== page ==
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Politics aside, 86-year-old Supreme Court Justice Ruth Bader Ginsburg is a role model for taking care of one’s body. I recently read that she “never stopped working out” after her fourth diagnosis with cancer…although she couldn’t always complete her full routine.” (“Ruth Bader Ginsburg says she never stopped working out during pancreatic cancer treatment” by Ariane de Vogue and Chandelis Duster, CNN, accessed 10/22/10, https://www.cnn.com/2019/10/21/politics/ruth-bader-ginsburg-workout-cancer-recovery/index.html) Granted the article says that she has a personal trainer, but that doesn’t strike me as important as her strong will to take excellent care of herself.
Here’s a woman who lives with cancer on her mind even when it’s not in her body. Recognizing the importance of good health, she doesn’t take it for granted. Someone in her shoes might just give up and most of us could sympathize with them. Why bother to do push ups when cancer might recur any day?
The answer is having a particular mindset. Although the closest I’ve ever gotten to RBG is watching a few films about her, I’m familiar with her way of thinking: positive, empowering and optimistic. This is the mindset of success and people with it would not say the following in her situation: what’s the point of exercising if I have cancer or I want to use the time I have on earth to do things I want and not feel pressured to do what I don’t want to do.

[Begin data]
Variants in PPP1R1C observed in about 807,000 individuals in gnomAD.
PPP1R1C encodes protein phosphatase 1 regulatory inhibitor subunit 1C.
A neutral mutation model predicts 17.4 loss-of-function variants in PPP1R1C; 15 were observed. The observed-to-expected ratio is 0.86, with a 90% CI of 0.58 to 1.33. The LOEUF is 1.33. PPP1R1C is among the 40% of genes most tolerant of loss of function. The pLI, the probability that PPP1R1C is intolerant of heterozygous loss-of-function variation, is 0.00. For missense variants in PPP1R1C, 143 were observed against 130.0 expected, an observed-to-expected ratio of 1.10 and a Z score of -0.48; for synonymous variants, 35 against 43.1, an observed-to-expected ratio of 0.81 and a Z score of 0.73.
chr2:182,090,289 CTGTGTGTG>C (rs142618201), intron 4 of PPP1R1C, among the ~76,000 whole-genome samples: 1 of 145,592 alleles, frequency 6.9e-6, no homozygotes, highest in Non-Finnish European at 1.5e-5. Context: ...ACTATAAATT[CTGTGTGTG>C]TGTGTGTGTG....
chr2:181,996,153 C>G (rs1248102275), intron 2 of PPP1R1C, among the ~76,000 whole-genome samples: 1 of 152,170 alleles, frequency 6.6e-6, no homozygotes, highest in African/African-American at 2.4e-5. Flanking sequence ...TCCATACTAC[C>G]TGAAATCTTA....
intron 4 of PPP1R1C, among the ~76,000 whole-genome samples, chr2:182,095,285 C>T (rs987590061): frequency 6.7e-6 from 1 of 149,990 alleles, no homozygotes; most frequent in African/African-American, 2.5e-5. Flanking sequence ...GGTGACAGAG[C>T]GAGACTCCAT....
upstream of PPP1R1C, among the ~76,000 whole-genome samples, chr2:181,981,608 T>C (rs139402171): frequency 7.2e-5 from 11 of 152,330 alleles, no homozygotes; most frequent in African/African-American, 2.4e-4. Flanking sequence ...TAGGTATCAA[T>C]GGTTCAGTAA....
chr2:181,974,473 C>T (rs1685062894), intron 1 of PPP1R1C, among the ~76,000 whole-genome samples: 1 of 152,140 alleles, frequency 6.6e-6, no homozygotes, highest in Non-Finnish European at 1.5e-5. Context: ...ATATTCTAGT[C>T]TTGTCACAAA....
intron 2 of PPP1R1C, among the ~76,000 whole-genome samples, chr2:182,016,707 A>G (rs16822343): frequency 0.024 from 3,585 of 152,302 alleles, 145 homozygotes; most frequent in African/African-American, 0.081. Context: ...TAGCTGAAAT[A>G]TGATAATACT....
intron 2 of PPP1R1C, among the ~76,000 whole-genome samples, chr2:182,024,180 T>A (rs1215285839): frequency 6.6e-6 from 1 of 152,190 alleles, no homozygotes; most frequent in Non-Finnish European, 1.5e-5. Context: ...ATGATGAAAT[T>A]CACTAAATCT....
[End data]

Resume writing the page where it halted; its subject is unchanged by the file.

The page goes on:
This kind of thinking talks us out of doing things and is what I hear too often from clients. They have a million irrational reasons for not doing what’s healthy for them and they believe these reasons because they repeat them all the time: I don’t have the money, I don’t have the time, it’s too far away, I hate to get up early, I’m too tired after work, I don’t want to, it’s not fun, what will people think, what’s the use, I don’t like it, I’ll never keep it up, or it’s not going to make a difference. I hope these thoughts sound as silly to your ears as they do to mine. If you think this way, no wonder you’re not getting where you want to go or becoming who you want to be. Your self-talk is a motivation killer.
It’s a simple shift to positive self-talk. Here’s what to say instead of the above regarding physical activity: I have time, I’ll make time, I can squeeze it in, I’ll find the money, I’ll do something that costs me nothing, it’ll energize me, I’ll feel proud after doing it, I’ll go today and see how I feel tomorrow (said each day), I’ll do it because it’s better than not doing it. Write down these words. Repeat them every day. Never say anything else about doing physical activity. See what happens. You too could think like RBG!
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